When your child hears or reads something, she may be perceiving the words, but not the intended meaning. This is a little like not knowing vocabulary words like "hermit" we used above, but it is far more general. Language processing issues involve missing the meaning of phrases made up of simple words, each of which is well known to the child. If this happens once in awhile, have her ask her teacher for help. If it happens often, she may have a language processing problem that needs to be dealt with, perhaps with the assistance of school personnel or a private learning specialist.


Your child may be studying in ways that are not compatible with her learning style. For example, her most efficient learning style may require visual images, but her studying may consist of only reading her notes. So although she is putting in ample time studying by reading and re-reading words, she may be learning little. She might do better making simple drawings, sketches or even scribbles. Or, she can try using graphic organizers and strategies, so she can convert the text, which is hard for her to process, into images, which are easier for her to process. You need to identify your child's learning style and help her learn how to study accordingly. To do so, you may need to seek the advice of school personnel or a private learning specialist.


Your child may go to sleep fully understanding the material she had studied during the evening, only to find out it is no longer there the next day when she needs to retrieve it during a test. The problem may be that she stops studying prematurely, i.e., before the material makes it from her short-term memory into her long-term memory. Getting information from short-term memory into long-term memory usually takes quite a bit more time, practice, and repetition than it does to get it into short-term memory in the first place. The solution? Your child needs to study beyond the point she thinks she knows the material. Also, she will likely benefit from learning additional memory-enhancing strategies. Consider purchasing a book or CD/DVD program on memory skills.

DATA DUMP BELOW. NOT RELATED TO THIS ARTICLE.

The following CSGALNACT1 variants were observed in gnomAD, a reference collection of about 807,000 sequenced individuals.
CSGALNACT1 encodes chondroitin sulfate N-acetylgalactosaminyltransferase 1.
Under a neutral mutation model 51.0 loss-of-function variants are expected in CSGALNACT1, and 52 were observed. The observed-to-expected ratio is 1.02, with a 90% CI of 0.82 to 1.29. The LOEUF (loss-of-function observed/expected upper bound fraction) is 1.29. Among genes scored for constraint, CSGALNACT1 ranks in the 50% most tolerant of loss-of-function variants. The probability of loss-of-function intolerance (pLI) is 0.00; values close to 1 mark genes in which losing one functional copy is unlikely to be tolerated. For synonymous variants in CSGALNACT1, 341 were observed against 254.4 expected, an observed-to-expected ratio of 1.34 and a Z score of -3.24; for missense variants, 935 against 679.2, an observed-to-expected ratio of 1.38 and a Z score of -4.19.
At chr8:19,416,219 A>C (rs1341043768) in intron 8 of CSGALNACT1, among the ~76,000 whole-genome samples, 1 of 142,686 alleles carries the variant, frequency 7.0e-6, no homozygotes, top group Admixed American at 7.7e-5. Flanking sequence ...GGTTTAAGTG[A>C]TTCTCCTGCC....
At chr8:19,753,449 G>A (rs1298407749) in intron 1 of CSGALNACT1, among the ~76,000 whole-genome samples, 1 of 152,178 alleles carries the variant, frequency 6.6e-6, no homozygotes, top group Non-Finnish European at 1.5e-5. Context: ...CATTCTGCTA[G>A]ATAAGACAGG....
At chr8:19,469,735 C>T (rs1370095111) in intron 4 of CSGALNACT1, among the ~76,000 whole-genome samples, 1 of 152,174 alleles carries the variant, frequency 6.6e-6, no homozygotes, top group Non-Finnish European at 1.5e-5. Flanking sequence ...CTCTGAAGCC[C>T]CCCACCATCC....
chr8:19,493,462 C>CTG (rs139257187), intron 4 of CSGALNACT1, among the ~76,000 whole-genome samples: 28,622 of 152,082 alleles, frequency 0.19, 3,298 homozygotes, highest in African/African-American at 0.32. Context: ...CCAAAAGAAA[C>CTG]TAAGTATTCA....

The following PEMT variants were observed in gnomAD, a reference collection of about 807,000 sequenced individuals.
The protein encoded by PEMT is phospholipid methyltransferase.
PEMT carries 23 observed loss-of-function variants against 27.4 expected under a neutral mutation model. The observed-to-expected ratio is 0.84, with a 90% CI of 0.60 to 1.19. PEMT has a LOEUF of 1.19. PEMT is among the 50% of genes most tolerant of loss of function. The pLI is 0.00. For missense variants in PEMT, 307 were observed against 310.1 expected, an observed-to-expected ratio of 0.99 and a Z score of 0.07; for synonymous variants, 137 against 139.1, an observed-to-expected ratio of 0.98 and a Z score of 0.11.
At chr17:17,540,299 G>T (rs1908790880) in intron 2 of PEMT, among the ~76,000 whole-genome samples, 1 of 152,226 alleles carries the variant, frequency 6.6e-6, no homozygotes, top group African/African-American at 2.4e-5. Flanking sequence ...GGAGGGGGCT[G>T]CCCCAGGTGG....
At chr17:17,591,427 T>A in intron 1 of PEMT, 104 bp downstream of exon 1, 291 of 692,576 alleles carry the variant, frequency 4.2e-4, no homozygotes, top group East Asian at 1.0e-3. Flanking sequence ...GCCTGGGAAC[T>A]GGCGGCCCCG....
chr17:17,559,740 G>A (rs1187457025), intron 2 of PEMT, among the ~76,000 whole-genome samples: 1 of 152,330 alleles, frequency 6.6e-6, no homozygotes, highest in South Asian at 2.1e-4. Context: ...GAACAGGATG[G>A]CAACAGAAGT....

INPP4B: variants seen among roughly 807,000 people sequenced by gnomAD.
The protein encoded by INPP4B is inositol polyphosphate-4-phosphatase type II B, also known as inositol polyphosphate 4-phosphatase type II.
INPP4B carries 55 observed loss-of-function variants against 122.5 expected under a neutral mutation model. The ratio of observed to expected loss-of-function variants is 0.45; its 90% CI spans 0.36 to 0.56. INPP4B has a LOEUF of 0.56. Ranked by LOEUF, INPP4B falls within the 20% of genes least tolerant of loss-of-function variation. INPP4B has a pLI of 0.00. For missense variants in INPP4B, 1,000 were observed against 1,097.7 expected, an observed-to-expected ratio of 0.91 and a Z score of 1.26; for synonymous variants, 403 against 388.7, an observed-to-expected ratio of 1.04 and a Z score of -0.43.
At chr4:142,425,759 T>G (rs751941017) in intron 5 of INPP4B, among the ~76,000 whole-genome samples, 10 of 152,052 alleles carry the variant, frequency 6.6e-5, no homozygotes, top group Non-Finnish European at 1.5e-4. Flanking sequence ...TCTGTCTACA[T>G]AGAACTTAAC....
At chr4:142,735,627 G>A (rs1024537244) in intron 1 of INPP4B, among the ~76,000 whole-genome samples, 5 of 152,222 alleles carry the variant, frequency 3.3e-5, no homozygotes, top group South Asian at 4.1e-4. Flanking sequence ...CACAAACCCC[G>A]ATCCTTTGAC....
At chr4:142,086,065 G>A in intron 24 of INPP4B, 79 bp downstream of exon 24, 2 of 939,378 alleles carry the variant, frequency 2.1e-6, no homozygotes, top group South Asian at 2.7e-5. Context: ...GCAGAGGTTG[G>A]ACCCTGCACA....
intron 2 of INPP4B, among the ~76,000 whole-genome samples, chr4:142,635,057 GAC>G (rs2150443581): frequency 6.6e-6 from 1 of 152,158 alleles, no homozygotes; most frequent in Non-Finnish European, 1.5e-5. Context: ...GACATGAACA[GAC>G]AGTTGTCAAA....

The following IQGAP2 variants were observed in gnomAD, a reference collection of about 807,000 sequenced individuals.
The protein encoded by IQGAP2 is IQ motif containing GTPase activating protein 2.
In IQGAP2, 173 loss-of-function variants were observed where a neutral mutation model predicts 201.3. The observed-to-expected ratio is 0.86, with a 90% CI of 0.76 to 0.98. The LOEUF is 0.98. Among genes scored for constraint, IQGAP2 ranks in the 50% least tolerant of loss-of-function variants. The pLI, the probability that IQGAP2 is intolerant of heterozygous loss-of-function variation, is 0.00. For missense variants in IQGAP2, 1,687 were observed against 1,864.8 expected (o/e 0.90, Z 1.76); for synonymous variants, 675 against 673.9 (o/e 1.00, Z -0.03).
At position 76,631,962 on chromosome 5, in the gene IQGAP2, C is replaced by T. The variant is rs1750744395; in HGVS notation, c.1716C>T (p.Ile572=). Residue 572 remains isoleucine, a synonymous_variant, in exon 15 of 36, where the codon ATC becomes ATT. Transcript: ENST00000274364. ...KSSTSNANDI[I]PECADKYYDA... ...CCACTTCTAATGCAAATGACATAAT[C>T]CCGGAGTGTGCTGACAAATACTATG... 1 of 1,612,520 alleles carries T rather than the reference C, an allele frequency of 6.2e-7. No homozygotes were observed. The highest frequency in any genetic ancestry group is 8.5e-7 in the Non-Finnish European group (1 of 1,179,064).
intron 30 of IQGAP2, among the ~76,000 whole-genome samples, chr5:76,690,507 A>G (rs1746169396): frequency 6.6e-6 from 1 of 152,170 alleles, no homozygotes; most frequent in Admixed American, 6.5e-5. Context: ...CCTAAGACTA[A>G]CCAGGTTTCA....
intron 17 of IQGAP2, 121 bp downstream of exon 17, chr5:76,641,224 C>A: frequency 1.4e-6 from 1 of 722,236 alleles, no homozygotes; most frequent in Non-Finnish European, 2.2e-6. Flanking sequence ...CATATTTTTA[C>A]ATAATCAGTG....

Your child may work or process information slowly, and because of that she doesn't complete her exams, rushes through them without reading or processing the questions, or panics and shuts down. She may simply need more time. Talk to her teachers. Perhaps being permitted to continue for a few minutes after the bell rings, or being allowed to come back for a few minutes during lunch or study hall, will solve the problem. Sometimes, just knowing that she won't run out of time will eliminate the problem.


Your child may have poor study skills and work habits. There are many ways to learn effective study skills, from reading study skills books to taking a study skills course to seeing a learning specialist for a few sessions on study skills. However, once children learn how to study, they need to use the strategies in order to perfect them and then to make them a comfortable part of their routine. If they don't, it's the same as going to a weight-loss center and then going home and having a huge piece of chocolate cake.